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Japan is truly a remarkable place to visit for both the wide-eyed first-timer and seasoned traveller alike. For those eager to set foot in a new country for the first time, Japan is friendly, efficient and generally straight-forward enough to welcome newcomers to the tiny island with a rich history and cultural legacy. Getting from A to B is a smooth procedure and the country offers a glimpse into technological advances that many other countries may not see for decades. Every city offers a uniquely different perspective, from the fashion-forward trends of Tokyo to the stunning historical relevance of Hiroshima.
And for those with more than a few stamps on their passport, Japan’s futuristic approach is always evident. The culture is constantly evolving and each trip to Japan will open your eyes in different ways to the last, often in ways you never thought possible. As you step out of the airport in Japan for the first time it’s hard to not feel like you’re the star of a futuristic film that not even Robert Zemeckis could’ve dreamt up.
An array of bright lights entice you at every turn, trains whiz by you at around three times the average speed of a car on a highway and full meals can be ordered out of vending machines. If you’re still hungry for a thrill you can stop in at Tokyo’s Robot Restaurant – it’s a tantalising feast for the senses unlike any other. Complete with the stunning staff battling each other in giant neon robots, lasers lighting up throngs of pounding drummers and outrageously colourful caricatures whirling around the stage, the Robot Restaurant is a microcosm of exactly what you’d want in Japan: big time futuristic fun.
Here’s a few other ways that visiting Japan is like stepping forward through time.
The luxury and speed of Japan’s ground transportation options put many other travel options to shame. The Shinkansen, or “Bullet Train” is the way to go. There is over 2,300 kilometres of tracks with trains that travel at 320km/hour. You read that right. You can zip through the 360 kilometre journey from Hiroshima to Kyoto in just two hours and 45 minutes, compared to an almost five hour journey by car.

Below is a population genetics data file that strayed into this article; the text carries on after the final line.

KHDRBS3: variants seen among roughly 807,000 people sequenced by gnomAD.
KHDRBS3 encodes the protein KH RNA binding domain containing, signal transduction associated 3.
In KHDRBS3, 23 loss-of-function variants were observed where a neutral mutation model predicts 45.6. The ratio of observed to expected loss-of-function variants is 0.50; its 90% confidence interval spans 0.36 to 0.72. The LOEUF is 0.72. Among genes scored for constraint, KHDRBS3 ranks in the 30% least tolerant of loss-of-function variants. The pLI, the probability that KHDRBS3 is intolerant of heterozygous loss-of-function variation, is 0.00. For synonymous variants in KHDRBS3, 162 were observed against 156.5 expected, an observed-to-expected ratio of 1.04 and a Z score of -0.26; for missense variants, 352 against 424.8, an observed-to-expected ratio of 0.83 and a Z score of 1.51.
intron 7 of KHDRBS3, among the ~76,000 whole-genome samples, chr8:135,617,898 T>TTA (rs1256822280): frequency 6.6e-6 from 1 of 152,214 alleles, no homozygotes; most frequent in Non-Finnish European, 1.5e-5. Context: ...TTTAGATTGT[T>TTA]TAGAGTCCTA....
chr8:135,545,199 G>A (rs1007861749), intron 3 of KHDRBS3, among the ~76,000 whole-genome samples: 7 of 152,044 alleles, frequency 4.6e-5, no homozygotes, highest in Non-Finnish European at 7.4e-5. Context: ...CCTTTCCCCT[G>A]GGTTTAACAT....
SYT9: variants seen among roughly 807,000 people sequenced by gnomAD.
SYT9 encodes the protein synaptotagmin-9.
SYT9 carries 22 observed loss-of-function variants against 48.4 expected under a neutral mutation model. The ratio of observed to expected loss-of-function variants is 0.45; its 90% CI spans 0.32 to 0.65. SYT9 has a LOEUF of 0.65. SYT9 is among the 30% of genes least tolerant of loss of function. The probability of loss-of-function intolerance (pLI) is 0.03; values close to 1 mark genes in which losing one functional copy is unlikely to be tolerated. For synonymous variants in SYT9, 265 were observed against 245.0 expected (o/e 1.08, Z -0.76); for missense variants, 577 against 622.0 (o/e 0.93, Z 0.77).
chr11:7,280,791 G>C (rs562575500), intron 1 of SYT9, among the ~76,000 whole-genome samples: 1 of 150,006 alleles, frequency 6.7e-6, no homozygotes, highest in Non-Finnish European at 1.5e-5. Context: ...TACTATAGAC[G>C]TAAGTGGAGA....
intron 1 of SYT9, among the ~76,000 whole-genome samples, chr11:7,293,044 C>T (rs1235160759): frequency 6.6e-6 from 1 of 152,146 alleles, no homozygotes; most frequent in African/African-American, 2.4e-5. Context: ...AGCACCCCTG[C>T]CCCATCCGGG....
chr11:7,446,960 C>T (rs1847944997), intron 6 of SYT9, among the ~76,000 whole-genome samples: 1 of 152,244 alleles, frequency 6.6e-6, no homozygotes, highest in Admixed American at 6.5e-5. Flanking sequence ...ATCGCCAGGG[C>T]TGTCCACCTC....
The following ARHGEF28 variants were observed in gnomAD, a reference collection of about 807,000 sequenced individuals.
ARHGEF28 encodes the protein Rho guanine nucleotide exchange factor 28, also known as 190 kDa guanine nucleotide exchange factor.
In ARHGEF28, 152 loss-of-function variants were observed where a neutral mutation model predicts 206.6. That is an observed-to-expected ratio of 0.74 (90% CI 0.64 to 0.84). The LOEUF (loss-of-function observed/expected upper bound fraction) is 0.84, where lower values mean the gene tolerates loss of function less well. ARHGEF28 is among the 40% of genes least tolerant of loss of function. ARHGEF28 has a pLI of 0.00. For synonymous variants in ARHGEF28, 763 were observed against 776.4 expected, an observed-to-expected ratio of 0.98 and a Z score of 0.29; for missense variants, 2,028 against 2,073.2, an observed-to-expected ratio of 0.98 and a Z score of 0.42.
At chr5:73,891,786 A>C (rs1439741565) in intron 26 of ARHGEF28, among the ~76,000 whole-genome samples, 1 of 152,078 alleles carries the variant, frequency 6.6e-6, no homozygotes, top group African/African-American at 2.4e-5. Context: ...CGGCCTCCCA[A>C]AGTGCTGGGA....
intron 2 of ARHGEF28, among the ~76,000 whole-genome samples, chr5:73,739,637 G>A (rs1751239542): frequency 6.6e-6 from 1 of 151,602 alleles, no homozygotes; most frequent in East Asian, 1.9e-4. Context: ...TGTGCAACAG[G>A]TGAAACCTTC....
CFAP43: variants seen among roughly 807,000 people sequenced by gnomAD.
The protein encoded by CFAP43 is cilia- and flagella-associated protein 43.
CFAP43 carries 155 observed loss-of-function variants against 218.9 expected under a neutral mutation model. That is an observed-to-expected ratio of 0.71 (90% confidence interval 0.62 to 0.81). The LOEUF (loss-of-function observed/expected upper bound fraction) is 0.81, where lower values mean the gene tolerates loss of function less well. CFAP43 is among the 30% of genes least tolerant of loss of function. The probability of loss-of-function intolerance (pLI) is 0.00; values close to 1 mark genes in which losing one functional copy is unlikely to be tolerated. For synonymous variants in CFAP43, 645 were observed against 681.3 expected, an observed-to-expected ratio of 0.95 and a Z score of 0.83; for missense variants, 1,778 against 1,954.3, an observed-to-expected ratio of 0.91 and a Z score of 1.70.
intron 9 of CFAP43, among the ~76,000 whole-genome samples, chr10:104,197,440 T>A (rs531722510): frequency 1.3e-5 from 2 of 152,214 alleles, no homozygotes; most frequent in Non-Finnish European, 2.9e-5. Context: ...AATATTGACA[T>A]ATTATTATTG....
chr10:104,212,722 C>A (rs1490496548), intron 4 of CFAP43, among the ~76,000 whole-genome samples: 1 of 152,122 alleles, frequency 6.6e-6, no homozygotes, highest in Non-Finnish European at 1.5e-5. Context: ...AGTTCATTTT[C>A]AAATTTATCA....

Japanese train stations are nothing like the dodgy hangouts we see in many Australian cities – they’re full-service commercial havens, with a variety of shopping, dining and drinking options. Show up early and spend a bit of time people-watching for fashion-forward clothing that will inevitably be cool in Australia in a few years. It’s certainly not a bad way to kill a few hours.
Additionally, there’s no waiting in downtrodden stations for delayed trains. The average delay of one of Japan Rail’s most popular lines is only 0.6 minutes. Trains routinely pull into the station with the utmost punctuality, ensuring you can glide from one hot spot to the next with tremendous ease. There’s incredible beauty in the paradox of whizzing through the stunning Japanese countryside at great speeds while you comfortably stretch your legs out and dig into a bento box and Japanese sake, all served on the super-fast train.
While we’re talking Japan’s fashion-forward approach, no trip to Japan is complete without engulfing yourself in the fashion scene of some of the country’s larger cities. Sure, at first you may furrow your brow at some of the extravagant and outlandish outfits. But Japan is no place for the meek when it comes to clothing. Fashion trends turn on a dime and often, the rest of the world struggles to keep up with the country’s youth as they strut the streets.
Trips to Japan a few years back revealed more sports jerseys than you’d find on Grand Final day. From vintage basketball to modern baseball jerseys being worn either as tight-fitting summer tops or oversized jerseys as dresses, Japanese teens were proving that jerseys weren’t just for the jocks. Full of colour and with limitless possibilities, jerseys soon caught on with Miley Cyrus and Rihanna.